ExcelFunctions.net

Search site:

One reason why the Vlookup #REF! error may be returned, is if the supplied col_index_num argument is < 1 or is not recognised as a numeric value.

However, more commonly, the #REF! error is caused by attempts to reference cells that don't exist.

The following steps consider both of these problems.

Step 1 - Check the col_index_num argument

First carry out a simple check on the col_index_num argument. This should be a positive integer that is less than or equal to the number of columns in the table_array.

Step 2 - Check for #REF! values in the Formula

If the Vlookup #REF! error is caused by an attempt to reference cells that do not exist, this will show up as one or more #REF! errors in the formula. Therefore, if you look at your Vlookup formula, you will clearly see this.

There are two common reasons why your function may attempt to reference cells that don't exist. The simplest of these is when one (or more) of the function arguments are input as references to cells, which are later deleted.

Also, this problem frequently arises due to relative references in copied formulas.
For example, if you use the mouse to select an entire worksheet (named Sheet1) as the table_array for a
Vlookup function, this will be inserted into the Vlookup function as the range **Sheet1!1:1048576**
(in Excel 2007 or 2010).

If this Vlookup function is then copied down a row, the
relative referencing
within the formula, changes the table_array in the copied formula, to **Sheet1!2:1048577**.
However, the row 1048577 doesn't exist, as so this results in the #REF! error being inserted into the copied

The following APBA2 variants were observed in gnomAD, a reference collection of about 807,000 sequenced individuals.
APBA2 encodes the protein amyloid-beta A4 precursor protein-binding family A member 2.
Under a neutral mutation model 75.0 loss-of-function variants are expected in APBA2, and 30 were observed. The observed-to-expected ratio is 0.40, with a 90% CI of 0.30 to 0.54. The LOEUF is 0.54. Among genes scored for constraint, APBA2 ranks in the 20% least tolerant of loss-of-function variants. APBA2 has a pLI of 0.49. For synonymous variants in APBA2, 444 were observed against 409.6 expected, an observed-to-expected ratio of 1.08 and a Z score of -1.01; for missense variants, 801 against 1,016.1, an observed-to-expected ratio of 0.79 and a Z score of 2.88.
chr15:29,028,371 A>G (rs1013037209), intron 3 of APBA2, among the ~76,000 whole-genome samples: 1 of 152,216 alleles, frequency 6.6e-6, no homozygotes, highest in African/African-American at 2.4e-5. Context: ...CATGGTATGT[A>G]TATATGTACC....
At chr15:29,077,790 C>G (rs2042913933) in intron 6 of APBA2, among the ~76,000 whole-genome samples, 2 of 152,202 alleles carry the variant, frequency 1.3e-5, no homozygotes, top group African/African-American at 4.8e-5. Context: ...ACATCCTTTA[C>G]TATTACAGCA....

Vlookup formula instead.

Quick Fix to this Problem: Use Absolute References for the table_array

The simplest way to prevent a reference to a range from changing when copied to other cells is to use absolute references within the formula.

E.g. the reference **Sheet1!1:1048576** should be changed to **Sheet1!$1:$1048576**.

Note that the $ signs keep this reference constant when the formula is copied to other cells and will therefore avoid the Vlookup #REF! error.

See the Excel Cell References page for more information on cell references.

BETTER Fix to this Problem: Be More Specific When Defining the table_array

Your Vlookup function will be more efficient if the table_array only includes the cells that contain the table_array data, rather than using entire columns, or an entire worksheet.

However, you will still need to use absolute references if you want the table_array to remain constant when the formula is copied to other cells.

Further Vlookup troubleshooting tips are provided, in the form of a handy Vlookup Quick Reference Card, on the Microsoft Office website.